By Joseph Luster

It’s been 12 years since the original version of Stronghold 2 followed up the first game, so it’s time to pay it a return visit in the form of Stronghold 2: Steam Edition. Those who haven’t had a chance to dig into the series before will find an abundance of strategy to get lost in, while those who have will either be pleased or miffed to find some very familiar visuals at the forefront. That’s because Stronghold 2: Steam Edition is an enhanced re-release, not a full HD remaster. Thankfully, though, there’s still plenty going on below the surface.

Stronghold 2: Steam Edition

Publisher: Firefly Studios
Genre: Shooter
Platform(S): PC
Available: Now

As you may have surmised from the title, Stronghold 2 is all about protecting your keep and the lord within it. That means you need to develop a mighty base, which is definitely one of the strong suits of the experience. Once you establish the essentials like your keep, granary, and stockpile buildings, you’re free to go in pretty much any direction you desire within the specific scenario’s constraints. The trick comes in balancing defensive structures with construction and resource management that benefits your peasants and keeps both the general populace and your soldiers happy. You also have to watch out for the Honor system, in which Honor points are generated through events and activities that please your peasants. Accrue enough points and you’ll be able to put them toward hiring more troops, buying land for autonomous resource-generating villages, and so on.

Balancing this and other methods of currency and power is one of the most engaging aspects of Stronghold 2, so it’s disappointing to note the same can’t be said about combat. Taking part in sieges can be kind of a mess, and the AI of your units leaves something to be desired. Strategies also take a hit when, as long as you have the relatively meager funds to do so, you can pump out Archers and line the castle walls and towers for almost effortless defensive measures. This is great news for you if you’re doing the protecting—especially since archers even seem to have superior range to catapults—but it’s a real drag when a crafty opponent happens to have the same idea.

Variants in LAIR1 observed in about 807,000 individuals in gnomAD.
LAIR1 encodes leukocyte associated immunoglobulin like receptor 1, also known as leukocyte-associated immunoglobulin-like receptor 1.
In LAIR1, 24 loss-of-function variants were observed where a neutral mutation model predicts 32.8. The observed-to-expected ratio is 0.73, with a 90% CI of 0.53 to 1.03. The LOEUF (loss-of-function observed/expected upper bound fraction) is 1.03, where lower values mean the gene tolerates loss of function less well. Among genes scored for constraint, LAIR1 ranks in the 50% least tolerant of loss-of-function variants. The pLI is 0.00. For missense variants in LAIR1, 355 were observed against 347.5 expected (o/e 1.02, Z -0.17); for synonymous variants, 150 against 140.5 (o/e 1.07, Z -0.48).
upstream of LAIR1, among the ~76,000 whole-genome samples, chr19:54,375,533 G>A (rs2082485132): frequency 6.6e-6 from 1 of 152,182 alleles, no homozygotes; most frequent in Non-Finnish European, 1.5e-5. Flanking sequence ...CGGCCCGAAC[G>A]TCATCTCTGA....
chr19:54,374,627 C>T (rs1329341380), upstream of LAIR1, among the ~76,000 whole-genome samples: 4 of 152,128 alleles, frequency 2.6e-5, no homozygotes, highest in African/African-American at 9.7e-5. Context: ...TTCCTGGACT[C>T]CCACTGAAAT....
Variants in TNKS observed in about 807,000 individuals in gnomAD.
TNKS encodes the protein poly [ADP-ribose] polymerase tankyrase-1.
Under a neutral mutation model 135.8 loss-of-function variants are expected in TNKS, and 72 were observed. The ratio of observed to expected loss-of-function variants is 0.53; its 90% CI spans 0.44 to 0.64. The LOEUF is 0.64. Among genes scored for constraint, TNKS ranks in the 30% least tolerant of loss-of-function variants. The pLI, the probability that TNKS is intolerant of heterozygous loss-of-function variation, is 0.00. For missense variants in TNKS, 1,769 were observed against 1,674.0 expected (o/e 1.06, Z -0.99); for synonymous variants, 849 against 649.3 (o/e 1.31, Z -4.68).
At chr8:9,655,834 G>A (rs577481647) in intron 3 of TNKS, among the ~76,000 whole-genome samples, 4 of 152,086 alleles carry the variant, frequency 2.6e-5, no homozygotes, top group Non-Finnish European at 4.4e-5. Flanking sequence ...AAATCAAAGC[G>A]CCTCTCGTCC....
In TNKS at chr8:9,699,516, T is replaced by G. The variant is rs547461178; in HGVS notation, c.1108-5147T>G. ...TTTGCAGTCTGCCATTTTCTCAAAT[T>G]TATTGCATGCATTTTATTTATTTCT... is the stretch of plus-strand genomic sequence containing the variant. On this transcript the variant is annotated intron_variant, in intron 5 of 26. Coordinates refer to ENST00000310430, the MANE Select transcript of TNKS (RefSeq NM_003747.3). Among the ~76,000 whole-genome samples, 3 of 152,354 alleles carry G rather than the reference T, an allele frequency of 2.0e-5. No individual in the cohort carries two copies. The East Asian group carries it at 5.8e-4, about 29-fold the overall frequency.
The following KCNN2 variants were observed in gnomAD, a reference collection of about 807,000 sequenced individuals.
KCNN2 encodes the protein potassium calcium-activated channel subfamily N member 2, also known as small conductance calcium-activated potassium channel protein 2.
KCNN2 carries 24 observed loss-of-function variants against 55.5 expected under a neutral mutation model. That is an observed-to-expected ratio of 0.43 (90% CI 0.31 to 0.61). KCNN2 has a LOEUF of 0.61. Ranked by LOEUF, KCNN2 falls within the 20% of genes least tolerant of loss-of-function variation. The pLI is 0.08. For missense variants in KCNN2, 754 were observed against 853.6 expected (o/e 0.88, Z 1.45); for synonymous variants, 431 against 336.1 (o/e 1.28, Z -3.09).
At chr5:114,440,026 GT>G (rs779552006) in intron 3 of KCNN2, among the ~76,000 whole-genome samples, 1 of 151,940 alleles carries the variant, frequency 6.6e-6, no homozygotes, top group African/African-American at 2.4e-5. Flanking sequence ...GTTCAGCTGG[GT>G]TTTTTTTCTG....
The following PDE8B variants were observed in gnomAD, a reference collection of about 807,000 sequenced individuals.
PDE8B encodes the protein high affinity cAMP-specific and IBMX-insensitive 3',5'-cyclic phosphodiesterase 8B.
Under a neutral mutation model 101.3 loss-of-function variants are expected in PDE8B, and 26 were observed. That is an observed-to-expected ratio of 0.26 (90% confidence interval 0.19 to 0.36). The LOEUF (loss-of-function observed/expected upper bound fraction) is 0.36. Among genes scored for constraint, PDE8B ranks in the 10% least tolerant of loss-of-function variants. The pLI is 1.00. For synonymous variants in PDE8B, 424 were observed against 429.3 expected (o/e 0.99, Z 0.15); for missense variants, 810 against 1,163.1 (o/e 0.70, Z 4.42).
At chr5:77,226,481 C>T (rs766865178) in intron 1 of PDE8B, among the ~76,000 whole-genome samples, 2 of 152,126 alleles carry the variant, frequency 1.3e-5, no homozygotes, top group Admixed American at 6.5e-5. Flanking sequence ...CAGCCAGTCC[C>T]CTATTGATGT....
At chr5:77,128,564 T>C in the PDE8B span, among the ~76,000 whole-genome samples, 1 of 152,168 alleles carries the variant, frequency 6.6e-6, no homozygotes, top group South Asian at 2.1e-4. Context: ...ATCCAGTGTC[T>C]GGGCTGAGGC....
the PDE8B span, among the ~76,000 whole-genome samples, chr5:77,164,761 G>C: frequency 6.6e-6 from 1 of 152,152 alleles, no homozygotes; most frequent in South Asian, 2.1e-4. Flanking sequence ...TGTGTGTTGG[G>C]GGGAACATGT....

Despite the lack of truly upgraded visuals, Stronghold 2: Steam Edition does support widescreen and a handful of other nice additions. The user interface has been greatly improved, six new maps have been added, and the release features Steam Workshop support for custom map making and sharing. This version also marks the return of multiplayer, which is where most of your hours are likely to go. The original Gamespy Arcade service that provided multiplayer for the old version went down in 2014, so the return of this mode will be worth celebrating for long-time players.

Fans of the series will want to jump on this, especially those who no longer have The Stronghold Collection, which was previously the only way to get it on Steam. Stronghold 2 may not look quite as glorious as it did in 2005, but building elaborate castles, raising armies, and defending against would-be sieges are all activities worth engaging in today.

Bomber Crew

Publisher: Curve Digital